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Hoffmann, R. A wiki for the life sciences where authorship matters. Nature Genetics (2008)

Mechanisms of alpha1-antitrypsin inhibition of cellular serine proteases and HIV-1 protease that are essential for HIV-1 morphogenesis.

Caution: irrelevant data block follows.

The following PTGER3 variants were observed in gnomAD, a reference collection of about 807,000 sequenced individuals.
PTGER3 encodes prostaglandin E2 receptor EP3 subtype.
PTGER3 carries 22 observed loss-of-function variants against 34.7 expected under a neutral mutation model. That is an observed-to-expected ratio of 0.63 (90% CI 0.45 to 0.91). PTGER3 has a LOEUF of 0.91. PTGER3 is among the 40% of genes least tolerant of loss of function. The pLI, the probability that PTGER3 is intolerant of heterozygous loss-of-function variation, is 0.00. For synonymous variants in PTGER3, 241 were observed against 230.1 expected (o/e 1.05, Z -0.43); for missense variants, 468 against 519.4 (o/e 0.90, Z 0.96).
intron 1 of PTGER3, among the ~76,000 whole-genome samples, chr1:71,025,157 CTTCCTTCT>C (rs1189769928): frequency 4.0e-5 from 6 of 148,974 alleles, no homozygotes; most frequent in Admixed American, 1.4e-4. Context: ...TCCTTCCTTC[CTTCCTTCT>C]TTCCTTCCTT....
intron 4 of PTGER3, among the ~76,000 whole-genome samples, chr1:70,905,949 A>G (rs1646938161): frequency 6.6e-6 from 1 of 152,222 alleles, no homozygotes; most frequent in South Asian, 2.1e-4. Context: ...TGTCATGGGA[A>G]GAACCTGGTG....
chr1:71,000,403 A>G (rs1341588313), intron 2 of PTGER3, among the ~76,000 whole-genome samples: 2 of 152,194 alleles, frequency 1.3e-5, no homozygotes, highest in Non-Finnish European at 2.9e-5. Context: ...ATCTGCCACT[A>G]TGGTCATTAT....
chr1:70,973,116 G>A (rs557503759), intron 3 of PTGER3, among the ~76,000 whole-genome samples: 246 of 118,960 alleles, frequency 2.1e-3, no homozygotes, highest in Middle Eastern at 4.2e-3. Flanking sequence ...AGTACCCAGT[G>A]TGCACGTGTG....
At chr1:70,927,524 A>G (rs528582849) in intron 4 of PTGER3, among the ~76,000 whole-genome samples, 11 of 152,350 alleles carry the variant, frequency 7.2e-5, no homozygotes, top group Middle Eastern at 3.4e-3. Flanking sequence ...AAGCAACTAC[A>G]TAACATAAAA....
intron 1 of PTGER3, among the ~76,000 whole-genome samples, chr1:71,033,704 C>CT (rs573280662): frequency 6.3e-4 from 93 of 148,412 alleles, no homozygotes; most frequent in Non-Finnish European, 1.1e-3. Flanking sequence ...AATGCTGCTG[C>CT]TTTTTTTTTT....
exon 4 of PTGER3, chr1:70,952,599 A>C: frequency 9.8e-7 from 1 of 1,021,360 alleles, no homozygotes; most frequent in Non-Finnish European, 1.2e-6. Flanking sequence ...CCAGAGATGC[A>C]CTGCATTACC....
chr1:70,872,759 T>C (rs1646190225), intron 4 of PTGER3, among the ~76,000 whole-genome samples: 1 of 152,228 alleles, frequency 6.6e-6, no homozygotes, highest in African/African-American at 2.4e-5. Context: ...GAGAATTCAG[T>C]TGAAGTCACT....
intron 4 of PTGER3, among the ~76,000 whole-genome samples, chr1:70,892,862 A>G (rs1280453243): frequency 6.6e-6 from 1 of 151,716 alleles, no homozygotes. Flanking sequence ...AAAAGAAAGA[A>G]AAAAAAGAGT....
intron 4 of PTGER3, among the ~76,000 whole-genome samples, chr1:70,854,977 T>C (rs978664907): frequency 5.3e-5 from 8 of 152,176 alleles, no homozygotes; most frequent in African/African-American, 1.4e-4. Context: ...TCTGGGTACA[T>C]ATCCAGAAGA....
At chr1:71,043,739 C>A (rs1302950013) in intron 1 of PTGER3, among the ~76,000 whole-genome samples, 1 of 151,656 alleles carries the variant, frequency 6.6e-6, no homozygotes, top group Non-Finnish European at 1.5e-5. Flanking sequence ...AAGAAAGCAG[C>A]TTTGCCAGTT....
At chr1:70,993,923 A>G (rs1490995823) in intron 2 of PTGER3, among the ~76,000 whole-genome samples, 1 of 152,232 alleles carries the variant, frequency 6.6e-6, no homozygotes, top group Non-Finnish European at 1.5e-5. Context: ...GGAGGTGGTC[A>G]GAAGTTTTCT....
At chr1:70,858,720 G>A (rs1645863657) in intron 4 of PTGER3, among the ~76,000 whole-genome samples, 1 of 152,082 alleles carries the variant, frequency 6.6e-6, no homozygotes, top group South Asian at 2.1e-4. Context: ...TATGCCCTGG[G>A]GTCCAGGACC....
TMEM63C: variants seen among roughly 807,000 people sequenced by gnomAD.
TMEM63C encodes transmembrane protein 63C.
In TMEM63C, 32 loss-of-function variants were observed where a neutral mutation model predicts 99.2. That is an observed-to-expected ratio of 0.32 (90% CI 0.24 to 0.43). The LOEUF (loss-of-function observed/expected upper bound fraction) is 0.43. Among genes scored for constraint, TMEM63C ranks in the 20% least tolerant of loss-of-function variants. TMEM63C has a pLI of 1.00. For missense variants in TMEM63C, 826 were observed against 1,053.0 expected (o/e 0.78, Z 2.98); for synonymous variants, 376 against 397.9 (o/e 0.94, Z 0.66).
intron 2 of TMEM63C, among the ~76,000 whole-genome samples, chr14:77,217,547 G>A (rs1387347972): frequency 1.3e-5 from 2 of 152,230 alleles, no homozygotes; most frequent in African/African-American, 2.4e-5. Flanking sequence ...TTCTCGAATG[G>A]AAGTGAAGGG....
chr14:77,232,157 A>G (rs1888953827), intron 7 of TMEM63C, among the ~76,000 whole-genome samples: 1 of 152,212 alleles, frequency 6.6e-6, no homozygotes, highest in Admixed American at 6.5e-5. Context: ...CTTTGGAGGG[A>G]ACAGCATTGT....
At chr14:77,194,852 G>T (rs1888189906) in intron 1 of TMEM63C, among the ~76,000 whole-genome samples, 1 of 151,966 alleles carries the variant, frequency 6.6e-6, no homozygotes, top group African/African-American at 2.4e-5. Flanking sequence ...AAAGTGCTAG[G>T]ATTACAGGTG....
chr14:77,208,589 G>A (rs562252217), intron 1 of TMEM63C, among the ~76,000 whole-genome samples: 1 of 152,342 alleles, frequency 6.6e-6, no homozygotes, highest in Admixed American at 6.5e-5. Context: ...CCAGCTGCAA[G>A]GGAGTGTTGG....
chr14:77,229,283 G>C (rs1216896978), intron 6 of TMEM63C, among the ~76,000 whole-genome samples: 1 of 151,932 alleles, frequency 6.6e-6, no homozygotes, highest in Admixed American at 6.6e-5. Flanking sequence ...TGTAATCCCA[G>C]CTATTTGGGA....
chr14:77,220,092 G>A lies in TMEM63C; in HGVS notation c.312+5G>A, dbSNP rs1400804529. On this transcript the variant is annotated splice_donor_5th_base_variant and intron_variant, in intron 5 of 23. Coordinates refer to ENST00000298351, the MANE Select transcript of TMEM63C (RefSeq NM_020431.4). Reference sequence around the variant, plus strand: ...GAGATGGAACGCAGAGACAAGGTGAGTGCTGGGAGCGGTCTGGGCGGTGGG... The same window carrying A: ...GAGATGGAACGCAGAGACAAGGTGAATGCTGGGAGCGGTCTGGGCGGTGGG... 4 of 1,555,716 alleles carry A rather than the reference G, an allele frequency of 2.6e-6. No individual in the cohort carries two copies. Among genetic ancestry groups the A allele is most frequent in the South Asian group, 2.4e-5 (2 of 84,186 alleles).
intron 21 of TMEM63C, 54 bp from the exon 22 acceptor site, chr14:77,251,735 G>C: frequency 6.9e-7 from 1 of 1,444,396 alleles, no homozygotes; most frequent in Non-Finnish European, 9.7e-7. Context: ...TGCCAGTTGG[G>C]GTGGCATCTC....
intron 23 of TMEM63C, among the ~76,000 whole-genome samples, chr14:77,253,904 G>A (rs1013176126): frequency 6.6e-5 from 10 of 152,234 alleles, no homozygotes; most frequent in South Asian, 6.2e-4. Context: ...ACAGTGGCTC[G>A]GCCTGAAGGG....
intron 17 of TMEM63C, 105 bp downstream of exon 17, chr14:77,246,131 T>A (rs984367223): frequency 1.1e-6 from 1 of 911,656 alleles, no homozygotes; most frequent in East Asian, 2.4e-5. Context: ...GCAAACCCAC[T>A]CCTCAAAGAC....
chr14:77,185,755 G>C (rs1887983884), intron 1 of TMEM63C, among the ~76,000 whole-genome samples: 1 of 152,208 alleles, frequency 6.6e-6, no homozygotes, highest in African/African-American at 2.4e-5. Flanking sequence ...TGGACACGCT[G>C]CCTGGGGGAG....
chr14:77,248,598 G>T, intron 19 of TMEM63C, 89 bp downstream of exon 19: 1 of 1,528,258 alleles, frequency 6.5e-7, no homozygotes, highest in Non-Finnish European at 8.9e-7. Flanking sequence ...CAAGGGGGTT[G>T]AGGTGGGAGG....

Proprotein processing is essential for HIV infectivity. Cellular trans-Golgi network (TGN) serine proteases (e.g., furin) are required to cleave HIV envelope gp160 to gp120. In addition, HIV protease ( PR), an aspartyl protease, cleaves p55(Gag) to p24, etc., in budding virions. alpha1-Antitrypsin (alpha(1)AT) is cleaved by serine proteases, causing a conformational change in alpha(1)AT that sequesters and so inactivates the protease. alpha(1)AT blocks both gp160 and p55 processing, and so is a powerful inhibitor of HIV replication. We hypothesized that alpha(1)AT inhibited gp160 and p55 processing via different mechanisms, and that in both cases, alpha(1)AT bound and was itself cleaved by the proteases whose activities were blocked. alpha(1)AT delivered by SV(AT), a recombinant, Tag-deleted SV40-derived vector, localized to the TGN, co-precipitated with furin, and depleted furin from the TGN. After SV(AT) transduction and HIV challenge, alpha(1)AT was detected in resulting nascent immature HIV-1 virions. alpha(1)AT also blocked incorporation of the enzymatically active dimeric form of PR into HIV virions. Western analysis using recombinant proteins showed that alpha(1)AT directly bound HIV PR, and was cleaved by it. The simultaneous inhibition of two different steps in HIV morphogenesis both increases alpha(1)AT antilentiviral activity and decreases the possibility that HIV mutations will allow escape from inhibition.[1]


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